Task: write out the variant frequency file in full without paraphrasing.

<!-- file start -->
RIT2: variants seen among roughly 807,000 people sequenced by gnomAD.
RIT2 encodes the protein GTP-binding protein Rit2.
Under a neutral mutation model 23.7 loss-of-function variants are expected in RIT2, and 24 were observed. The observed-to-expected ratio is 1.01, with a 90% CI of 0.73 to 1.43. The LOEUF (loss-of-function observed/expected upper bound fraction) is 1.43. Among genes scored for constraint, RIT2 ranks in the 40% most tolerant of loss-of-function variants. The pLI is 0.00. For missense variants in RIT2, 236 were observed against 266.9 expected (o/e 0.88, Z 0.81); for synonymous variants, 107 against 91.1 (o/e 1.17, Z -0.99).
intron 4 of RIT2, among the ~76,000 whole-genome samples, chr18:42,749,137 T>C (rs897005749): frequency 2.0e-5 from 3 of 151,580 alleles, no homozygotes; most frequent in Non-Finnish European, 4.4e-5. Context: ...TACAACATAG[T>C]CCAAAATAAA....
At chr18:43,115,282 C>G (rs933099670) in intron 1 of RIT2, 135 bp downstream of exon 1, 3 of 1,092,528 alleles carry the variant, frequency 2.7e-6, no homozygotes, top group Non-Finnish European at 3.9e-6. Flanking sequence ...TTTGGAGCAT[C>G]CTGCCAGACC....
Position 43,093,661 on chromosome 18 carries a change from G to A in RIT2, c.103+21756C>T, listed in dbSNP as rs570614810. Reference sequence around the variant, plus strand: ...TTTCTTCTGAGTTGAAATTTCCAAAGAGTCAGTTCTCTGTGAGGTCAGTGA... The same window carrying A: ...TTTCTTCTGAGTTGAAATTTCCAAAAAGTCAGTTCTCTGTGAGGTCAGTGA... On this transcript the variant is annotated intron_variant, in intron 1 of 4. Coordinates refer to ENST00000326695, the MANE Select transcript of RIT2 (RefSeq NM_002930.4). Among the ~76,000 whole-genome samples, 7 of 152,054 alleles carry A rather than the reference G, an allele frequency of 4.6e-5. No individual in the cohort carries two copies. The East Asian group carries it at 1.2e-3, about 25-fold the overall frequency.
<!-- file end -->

RIT2: variants seen among roughly 807,000 people sequenced by gnomAD.
RIT2 encodes the protein GTP-binding protein Rit2.
Under a neutral mutation model 23.7 loss-of-function variants are expected in RIT2, and 24 were observed. The observed-to-expected ratio is 1.01, with a 90% CI of 0.73 to 1.43. The LOEUF (loss-of-function observed/expected upper bound fraction) is 1.43. Among genes scored for constraint, RIT2 ranks in the 40% most tolerant of loss-of-function variants. The pLI is 0.00. For missense variants in RIT2, 236 were observed against 266.9 expected (o/e 0.88, Z 0.81); for synonymous variants, 107 against 91.1 (o/e 1.17, Z -0.99).
intron 4 of RIT2, among the ~76,000 whole-genome samples, chr18:42,749,137 T>C (rs897005749): frequency 2.0e-5 from 3 of 151,580 alleles, no homozygotes; most frequent in Non-Finnish European, 4.4e-5. Context: ...TACAACATAG[T>C]CCAAAATAAA....
At chr18:43,115,282 C>G (rs933099670) in intron 1 of RIT2, 135 bp downstream of exon 1, 3 of 1,092,528 alleles carry the variant, frequency 2.7e-6, no homozygotes, top group Non-Finnish European at 3.9e-6. Flanking sequence ...TTTGGAGCAT[C>G]CTGCCAGACC....
Position 43,093,661 on chromosome 18 carries a change from G to A in RIT2, c.103+21756C>T, listed in dbSNP as rs570614810. Reference sequence around the variant, plus strand: ...TTTCTTCTGAGTTGAAATTTCCAAAGAGTCAGTTCTCTGTGAGGTCAGTGA... The same window carrying A: ...TTTCTTCTGAGTTGAAATTTCCAAAAAGTCAGTTCTCTGTGAGGTCAGTGA... On this transcript the variant is annotated intron_variant, in intron 1 of 4. Coordinates refer to ENST00000326695, the MANE Select transcript of RIT2 (RefSeq NM_002930.4). Among the ~76,000 whole-genome samples, 7 of 152,054 alleles carry A rather than the reference G, an allele frequency of 4.6e-5. No individual in the cohort carries two copies. The East Asian group carries it at 1.2e-3, about 25-fold the overall frequency.